Medical interpreters break language barriers in health care

Sep 17, 2009
Karen Edison, director of the MU Center for Health Policy, talks with a patient via videoconferencing technology from the Missouri Telehealth Network. The technology is part of a grant-funded project that provides medical interpreters for patients. Credit: MU Center for Health Policy

Language barriers in health care settings can decrease access to quality care and diminish comprehension for limited English proficient patients (LEP). These barriers compromise quality of care, and increase costs and inefficiencies. Now, the University of Missouri Institute of Public Policy, Center for Health Policy and Missouri Telehealth Network are partnering with the Language Access Metro Project (LAMP) and the Missouri Primary Care Association to provide medical interpreters to non-English-speaking patients who otherwise might not have access to live interpreters.

"The program will demonstrate the advantages of utilizing professionally trained medical interpreters for LEP patients, including improving patient communication by eliminating language and cultural barriers," said Dana Hughes, policy analyst in the Truman School of Public Affairs. "Interpreters also help health care providers decrease costs and eliminate misdiagnoses and unnecessary testing."

The Missouri Telehealth Interpretation Project will provide LAMP interpreters, free of charge for two years, to health care providers through the Missouri Telehealth Network (MTN), already in place throughout the state. MTN uses two-way live, interactive video to deliver patient care from providers in urban areas to underserved patients throughout the state in specialties such as dermatology, psychiatry, autism, endocrinology and others. LAMP interpreters will attend patient appointments and confirm appointments to reduce patient no-shows and late cancellations.

"By having access to interpreters, health care providers will be able to give linguistically and culturally competent care to their LEP patients," said Nikki Lopresti, director of LAMP. "As word spreads, more LEP patients will gain access to improved quality ."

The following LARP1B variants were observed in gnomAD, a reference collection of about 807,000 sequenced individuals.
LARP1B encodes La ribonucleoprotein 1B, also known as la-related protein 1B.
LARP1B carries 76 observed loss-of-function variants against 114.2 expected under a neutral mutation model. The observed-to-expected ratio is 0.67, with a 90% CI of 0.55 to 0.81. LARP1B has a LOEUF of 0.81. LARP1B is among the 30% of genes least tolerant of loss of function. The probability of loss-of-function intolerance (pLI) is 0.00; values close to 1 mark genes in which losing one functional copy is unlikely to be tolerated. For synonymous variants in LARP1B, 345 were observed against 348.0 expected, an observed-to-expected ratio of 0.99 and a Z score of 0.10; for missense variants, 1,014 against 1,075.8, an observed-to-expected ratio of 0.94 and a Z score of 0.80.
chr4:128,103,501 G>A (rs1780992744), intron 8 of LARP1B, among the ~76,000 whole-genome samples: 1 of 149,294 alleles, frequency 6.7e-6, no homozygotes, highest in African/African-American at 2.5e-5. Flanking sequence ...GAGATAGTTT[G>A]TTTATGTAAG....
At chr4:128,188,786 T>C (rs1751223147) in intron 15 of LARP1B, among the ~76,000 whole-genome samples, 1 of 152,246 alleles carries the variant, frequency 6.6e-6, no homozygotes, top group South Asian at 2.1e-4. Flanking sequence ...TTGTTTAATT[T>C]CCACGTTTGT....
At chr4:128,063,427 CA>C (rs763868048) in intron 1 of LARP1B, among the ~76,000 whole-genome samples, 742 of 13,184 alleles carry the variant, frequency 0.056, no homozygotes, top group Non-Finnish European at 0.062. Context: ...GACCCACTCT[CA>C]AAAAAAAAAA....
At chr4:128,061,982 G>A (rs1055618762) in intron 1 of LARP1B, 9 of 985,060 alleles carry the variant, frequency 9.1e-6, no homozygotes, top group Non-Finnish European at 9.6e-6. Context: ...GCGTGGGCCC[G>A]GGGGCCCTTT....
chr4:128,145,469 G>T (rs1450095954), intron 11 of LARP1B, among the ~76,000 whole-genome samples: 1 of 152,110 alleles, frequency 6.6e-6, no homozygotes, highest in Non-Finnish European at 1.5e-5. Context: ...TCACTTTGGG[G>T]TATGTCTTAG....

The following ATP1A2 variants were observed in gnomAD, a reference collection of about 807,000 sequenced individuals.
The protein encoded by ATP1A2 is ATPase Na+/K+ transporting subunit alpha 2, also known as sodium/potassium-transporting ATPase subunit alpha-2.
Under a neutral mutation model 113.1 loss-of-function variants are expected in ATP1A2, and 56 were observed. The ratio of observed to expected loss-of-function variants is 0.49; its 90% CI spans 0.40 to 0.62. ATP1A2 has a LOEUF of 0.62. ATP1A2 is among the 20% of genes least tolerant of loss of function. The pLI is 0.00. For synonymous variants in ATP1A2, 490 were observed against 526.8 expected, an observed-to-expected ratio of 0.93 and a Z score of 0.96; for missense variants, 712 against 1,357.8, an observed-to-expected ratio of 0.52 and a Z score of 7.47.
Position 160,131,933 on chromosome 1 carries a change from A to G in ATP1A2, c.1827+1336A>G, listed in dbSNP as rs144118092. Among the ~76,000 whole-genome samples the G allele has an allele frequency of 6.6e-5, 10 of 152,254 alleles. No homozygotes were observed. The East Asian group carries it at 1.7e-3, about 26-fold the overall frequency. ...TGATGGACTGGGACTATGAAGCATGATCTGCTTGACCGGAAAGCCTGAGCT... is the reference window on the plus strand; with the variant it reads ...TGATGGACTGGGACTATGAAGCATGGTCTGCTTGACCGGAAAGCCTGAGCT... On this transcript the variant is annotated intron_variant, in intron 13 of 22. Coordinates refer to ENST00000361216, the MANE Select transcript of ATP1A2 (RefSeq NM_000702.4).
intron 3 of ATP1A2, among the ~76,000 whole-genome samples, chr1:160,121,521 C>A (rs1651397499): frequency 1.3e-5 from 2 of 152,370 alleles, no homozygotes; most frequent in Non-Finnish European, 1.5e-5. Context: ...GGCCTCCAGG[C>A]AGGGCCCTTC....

Resources for professionally trained medical interpreters in Missouri are limited, especially in rural areas. Availability, scheduling, and quality of interpreters are issues for many primary care clinics.

The project is funded by a grant from the Missouri Foundation for Health. After the initial two-year, grant-funded period ends, continued use of medically trained interpreters will benefit LEP patients, sustain the telehealth network and increase utilization of LAMP interpreters.

Source: University of Missouri-Columbia (news : web)

Explore further: New Dominican law OKs abortion if life at risk

add to favorites email to friend print save as pdf

Related Stories

Doctor: Patients need interpreters

Jul 21, 2006

A new study finds that millions of U.S. residents with limited English skills are at risk when they go to a hospital or a doctor's office.

Sign language interpreters at high ergonomic risk

Apr 17, 2008

Sign language interpreting is one of the highest-risk professions for ergonomic injury, according to a new study conducted by Rochester Institute of Technology. The research indicates that interpreting causes more physical ...

Recommended for you

The hunt for botanicals

Dec 19, 2014

Herbal medicine can be a double-edged sword and should be more rigorously investigated for both its beneficial and harmful effects, say researchers writing in a special supplement of Science.

Mozambique decriminalises abortion to stem maternal deaths

Dec 19, 2014

Mozambique has passed a law permitting women to terminate unwanted pregnancies under specified conditions, a move hailed by activists in a country where clandestine abortions account for a large number of maternal deaths.

User comments : 0

Please sign in to add a comment. Registration is free, and takes less than a minute. Read more

Click here to reset your password.
Sign in to get notified via email when new comments are made.